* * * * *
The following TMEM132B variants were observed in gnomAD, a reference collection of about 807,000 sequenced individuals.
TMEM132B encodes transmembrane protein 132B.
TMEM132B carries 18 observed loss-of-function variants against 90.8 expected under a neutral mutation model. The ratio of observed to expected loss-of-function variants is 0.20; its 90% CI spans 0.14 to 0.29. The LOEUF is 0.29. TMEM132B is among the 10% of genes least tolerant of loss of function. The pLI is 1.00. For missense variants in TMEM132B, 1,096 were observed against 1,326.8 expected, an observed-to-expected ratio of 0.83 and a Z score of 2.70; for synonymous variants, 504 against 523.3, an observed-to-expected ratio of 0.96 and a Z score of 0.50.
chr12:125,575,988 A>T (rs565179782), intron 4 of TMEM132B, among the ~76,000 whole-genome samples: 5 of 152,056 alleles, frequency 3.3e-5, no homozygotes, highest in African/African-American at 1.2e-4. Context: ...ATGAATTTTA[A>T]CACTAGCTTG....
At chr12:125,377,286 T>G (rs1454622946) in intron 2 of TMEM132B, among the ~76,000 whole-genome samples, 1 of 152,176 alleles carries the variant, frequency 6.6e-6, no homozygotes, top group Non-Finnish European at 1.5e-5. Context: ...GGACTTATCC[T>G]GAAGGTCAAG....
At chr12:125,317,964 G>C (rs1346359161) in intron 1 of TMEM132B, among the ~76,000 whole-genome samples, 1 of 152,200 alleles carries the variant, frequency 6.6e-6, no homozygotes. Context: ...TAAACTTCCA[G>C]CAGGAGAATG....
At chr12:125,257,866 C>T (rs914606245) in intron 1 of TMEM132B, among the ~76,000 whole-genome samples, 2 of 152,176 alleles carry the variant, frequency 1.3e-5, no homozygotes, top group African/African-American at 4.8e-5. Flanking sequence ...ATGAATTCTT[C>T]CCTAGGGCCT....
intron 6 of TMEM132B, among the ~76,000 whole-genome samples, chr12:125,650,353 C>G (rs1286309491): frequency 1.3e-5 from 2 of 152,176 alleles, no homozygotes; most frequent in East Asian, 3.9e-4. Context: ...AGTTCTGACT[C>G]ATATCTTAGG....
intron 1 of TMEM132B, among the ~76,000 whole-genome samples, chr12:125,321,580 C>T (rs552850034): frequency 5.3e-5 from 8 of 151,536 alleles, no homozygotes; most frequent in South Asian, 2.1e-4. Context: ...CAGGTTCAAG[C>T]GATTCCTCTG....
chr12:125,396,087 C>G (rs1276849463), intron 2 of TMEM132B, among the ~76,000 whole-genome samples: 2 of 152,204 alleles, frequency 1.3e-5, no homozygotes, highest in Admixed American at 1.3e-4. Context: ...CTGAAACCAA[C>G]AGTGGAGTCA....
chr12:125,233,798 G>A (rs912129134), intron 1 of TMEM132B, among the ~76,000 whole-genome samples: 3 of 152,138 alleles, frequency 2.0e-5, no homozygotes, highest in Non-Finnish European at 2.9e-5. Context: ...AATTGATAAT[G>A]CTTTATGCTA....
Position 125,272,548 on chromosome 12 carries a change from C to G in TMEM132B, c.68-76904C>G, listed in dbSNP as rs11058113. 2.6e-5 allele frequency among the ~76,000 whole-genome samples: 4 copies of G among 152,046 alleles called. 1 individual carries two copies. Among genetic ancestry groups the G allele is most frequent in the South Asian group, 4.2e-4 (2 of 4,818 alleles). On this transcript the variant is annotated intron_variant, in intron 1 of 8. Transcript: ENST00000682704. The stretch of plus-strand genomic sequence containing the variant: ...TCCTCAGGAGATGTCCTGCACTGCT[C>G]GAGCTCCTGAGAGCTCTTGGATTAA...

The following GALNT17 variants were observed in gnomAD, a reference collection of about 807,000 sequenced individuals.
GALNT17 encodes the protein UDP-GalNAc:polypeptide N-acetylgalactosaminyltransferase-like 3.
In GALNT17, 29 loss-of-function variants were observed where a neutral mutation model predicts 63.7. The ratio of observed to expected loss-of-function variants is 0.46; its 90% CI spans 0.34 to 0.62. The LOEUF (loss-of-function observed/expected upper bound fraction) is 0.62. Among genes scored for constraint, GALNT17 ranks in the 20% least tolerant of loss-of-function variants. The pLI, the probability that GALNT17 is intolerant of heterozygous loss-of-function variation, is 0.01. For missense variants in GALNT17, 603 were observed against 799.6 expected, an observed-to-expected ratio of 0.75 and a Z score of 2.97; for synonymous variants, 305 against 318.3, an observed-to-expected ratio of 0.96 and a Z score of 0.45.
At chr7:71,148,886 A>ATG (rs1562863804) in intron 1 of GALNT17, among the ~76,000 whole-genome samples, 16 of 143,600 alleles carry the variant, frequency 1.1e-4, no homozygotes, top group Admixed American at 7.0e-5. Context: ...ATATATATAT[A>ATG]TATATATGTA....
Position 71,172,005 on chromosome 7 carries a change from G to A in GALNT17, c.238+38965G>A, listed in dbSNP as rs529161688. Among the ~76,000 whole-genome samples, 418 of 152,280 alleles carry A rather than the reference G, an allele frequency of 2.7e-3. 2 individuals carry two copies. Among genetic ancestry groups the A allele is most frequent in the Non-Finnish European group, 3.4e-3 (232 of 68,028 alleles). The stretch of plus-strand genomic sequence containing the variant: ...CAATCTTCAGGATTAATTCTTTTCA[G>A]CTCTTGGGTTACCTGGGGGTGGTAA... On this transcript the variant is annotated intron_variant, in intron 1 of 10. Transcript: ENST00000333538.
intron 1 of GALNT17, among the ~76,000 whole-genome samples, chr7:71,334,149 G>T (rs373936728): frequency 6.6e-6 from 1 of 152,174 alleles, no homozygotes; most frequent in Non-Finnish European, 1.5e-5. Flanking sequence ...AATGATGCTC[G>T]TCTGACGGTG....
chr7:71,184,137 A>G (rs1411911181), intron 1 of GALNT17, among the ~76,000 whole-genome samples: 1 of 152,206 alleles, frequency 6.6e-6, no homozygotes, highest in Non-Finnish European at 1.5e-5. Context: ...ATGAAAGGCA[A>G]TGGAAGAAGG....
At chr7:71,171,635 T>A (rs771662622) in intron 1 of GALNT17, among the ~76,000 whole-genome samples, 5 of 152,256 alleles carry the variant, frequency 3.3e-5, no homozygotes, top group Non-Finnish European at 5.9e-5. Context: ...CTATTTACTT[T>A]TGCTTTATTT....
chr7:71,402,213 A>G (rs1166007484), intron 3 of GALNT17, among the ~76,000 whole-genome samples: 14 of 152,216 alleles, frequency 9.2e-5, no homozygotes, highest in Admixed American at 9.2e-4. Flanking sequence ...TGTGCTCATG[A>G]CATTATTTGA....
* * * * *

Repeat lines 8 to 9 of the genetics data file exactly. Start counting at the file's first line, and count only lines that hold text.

intron 6 of TMEM132B, among the ~76,000 whole-genome samples, chr12:125,650,353 C>G (rs1286309491): frequency 1.3e-5 from 2 of 152,176 alleles, no homozygotes; most frequent in East Asian, 3.9e-4. Context: ...AGTTCTGACT[C>G]ATATCTTAGG....
intron 1 of TMEM132B, among the ~76,000 whole-genome samples, chr12:125,321,580 C>T (rs552850034): frequency 5.3e-5 from 8 of 151,536 alleles, no homozygotes; most frequent in South Asian, 2.1e-4. Context: ...CAGGTTCAAG[C>T]GATTCCTCTG....